Monthly Archives: October 2014
In November of 1852, William Makepeace Thackeray, still enjoying the considerable success and fame accruing from his novel of the previous decade, Vanity Fair, arrived after a two week voyage from Liverpool (on the Royal Mail ship “Canada”) in Boston harbor. Thackeray’s purpose, besides adventure, was financial gain, a cushion for his daughters from a life he suspected might be foreshortened. In fact, it was–He died ten years later at only 52.
The lecture route, somewhat planned and somewhat improvised, would take a leisurely southern direction, with an appearance in Richmond scheduled for the following February. Thackeray was accompanied by Erye Crowe, who acted as personal secretary, tour manager, amanuensis and, most importantly, good company during what promised to be a stimulating, but inescapably trying and lengthy journey.
Like Thackeray, Crowe was a skilled sketch artist. Unlike Thackeray, who abandoned art studies as a young man to sketch words as a journalist, Crowe, 29 years of age and about a dozen years the author’s junior, still aspired to be an artist. While Thackeray’s lectures and impressions of America inscribed in his letters now interest only scholars, Crowe’s oil painting, “Slaves Waiting for Auction”, derived from his drawing above, can still jab the conscience.
The work acts as centerpiece for the Library of Virginia’s exhibit opening later this month, “To Be Sold,” a close examination of Richmond as a distribution hub for the business of selling human beings.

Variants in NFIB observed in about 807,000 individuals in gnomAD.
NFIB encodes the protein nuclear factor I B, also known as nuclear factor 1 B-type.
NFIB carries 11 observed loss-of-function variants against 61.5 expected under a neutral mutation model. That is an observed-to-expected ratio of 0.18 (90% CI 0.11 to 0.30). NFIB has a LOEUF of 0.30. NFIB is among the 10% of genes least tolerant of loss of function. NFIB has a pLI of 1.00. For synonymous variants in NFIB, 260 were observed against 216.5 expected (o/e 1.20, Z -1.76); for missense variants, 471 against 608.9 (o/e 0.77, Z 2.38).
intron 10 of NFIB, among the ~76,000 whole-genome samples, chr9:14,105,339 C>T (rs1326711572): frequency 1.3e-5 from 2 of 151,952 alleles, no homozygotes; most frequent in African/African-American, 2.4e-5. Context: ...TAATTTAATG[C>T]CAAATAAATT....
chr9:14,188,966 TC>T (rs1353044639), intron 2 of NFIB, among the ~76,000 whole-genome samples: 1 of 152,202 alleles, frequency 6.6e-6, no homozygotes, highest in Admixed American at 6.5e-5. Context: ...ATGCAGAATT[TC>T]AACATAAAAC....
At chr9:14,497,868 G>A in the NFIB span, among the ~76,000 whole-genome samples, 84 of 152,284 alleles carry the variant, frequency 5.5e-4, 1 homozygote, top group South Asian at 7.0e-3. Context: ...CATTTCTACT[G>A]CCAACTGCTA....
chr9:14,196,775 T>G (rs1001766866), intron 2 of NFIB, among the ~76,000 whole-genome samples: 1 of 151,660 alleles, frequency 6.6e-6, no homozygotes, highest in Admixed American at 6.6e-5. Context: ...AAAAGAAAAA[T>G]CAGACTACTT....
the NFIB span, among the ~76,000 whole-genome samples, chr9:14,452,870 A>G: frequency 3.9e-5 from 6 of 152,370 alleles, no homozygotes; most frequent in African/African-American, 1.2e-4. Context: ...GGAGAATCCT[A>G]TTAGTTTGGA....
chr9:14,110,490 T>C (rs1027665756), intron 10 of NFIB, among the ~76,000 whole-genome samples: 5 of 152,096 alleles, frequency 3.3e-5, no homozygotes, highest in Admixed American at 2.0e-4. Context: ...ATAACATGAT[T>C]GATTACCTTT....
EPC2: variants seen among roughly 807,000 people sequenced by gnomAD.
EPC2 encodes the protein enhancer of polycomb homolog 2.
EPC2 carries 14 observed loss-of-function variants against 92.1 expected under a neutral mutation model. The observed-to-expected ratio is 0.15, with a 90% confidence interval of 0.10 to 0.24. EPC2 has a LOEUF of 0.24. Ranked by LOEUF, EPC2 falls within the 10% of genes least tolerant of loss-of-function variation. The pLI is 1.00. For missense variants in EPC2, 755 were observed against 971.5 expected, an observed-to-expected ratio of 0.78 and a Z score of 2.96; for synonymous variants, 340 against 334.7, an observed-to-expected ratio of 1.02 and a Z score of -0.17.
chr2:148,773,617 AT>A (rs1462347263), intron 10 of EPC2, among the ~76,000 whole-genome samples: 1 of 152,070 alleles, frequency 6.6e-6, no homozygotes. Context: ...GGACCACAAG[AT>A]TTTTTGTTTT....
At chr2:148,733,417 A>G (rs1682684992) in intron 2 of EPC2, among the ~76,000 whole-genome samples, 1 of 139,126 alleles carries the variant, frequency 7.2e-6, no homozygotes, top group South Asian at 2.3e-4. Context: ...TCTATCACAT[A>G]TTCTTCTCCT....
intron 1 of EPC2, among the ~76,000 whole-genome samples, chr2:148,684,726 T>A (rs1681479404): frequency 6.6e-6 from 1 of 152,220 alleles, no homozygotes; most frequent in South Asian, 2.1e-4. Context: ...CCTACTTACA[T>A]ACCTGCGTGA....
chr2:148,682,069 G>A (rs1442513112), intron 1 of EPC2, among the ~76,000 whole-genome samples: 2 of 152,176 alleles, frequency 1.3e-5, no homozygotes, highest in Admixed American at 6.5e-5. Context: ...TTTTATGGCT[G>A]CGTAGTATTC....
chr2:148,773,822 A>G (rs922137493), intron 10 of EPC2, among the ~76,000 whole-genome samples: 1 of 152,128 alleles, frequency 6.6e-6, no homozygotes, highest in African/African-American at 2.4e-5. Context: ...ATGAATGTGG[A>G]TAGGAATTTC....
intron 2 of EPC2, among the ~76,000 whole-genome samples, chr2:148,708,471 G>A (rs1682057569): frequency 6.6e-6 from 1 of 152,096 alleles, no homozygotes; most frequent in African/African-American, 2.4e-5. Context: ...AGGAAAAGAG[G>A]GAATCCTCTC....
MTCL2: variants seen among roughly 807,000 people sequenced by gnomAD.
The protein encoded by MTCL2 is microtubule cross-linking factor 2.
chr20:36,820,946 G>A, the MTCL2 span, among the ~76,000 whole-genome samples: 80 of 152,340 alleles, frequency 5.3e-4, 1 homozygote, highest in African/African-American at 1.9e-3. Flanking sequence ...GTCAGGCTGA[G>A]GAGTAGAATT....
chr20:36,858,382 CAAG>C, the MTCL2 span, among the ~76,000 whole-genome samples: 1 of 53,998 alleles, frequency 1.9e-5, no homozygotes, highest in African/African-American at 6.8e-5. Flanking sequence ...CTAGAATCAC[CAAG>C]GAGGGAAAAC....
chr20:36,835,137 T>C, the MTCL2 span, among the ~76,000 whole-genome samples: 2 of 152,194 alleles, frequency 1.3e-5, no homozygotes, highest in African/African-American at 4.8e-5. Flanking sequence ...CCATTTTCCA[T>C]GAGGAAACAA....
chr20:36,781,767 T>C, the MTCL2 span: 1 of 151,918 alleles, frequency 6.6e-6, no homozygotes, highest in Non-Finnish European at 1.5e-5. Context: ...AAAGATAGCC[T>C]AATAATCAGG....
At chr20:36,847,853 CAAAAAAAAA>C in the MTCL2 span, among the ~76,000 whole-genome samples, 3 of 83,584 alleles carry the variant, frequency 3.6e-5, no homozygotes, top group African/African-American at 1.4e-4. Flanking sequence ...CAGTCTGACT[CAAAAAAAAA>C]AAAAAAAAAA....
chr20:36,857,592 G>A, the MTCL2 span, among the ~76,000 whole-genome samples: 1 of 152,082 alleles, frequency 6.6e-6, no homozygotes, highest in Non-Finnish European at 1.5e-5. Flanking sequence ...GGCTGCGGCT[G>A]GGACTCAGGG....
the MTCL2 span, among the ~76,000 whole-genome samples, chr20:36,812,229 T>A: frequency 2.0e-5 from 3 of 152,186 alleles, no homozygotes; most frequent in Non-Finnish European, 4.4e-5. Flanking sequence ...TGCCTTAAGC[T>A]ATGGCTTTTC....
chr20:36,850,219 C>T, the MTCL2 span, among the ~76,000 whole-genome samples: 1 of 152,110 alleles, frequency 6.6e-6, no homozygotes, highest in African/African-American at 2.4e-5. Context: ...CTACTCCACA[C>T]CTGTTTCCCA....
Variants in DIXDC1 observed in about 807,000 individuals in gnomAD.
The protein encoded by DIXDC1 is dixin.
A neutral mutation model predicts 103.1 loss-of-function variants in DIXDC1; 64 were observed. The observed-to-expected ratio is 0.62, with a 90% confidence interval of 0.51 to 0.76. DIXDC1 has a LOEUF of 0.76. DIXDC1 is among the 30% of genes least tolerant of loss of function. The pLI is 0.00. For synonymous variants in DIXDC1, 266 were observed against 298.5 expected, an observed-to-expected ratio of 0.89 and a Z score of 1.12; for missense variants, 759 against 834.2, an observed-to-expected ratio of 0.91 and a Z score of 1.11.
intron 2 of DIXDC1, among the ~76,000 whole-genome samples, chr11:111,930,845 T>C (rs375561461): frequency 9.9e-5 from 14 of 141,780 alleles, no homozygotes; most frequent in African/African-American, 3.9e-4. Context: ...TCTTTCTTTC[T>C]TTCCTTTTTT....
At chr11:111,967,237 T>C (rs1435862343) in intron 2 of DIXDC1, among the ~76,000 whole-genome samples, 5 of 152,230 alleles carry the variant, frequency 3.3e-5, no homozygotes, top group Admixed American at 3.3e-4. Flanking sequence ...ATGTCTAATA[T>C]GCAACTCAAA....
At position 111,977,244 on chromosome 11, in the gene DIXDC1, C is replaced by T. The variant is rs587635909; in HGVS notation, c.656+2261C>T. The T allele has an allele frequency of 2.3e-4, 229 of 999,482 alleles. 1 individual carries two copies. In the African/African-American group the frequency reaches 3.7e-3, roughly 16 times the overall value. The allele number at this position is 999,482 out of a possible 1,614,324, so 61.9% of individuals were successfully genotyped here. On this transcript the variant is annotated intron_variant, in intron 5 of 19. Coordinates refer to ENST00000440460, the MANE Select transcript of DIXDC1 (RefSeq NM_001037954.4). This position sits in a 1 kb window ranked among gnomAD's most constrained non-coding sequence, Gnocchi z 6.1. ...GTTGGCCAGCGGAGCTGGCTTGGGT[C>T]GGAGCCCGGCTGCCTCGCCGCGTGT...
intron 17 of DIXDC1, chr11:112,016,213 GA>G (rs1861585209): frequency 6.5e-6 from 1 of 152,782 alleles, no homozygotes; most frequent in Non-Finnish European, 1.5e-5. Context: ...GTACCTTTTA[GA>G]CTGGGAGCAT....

Yet minus the intercession of a book and a newspaper, the painting might not exist at all. “I expended 25 cents”, writes Crowe in his memoir of 1893, With Thackeray in America, “in the purchase of Uncle Tom’s Cabin and was properly … read more »
Last year, The Augusta County Genealogical Society generously donated rare African American newspapers to the Library of Virginia.
While the collection is comprised of a mere five issues, three issues of the Staunton Tribune from 1928-1931 and two of the Staunton Reporter from 1916, as historical resources these items are priceless, invaluable for the study of African American and Virginia history.
Historical newspapers such as these are especially rare and often in deteriorating condition when they are discovered–when this collection arrived at the Library, the papers were torn, brittle and extremely fragile. It is often the case that newspapers from the early twentieth century are in worse condition than papers published 100 years earlier due to the evolving methods of mass paper production.
The Library’s talented conservator, Leslie Courtois, de-acidified, mended and encapsulated the newspapers so they may be handled safely and studied for generations to come. After conservation, the originals were able to be microfilmed, making them even more accessible to researchers, students, historians, authors and genealogists.
Below are the photographs of the newspapers before and after conservation. The pictures speak for themselves: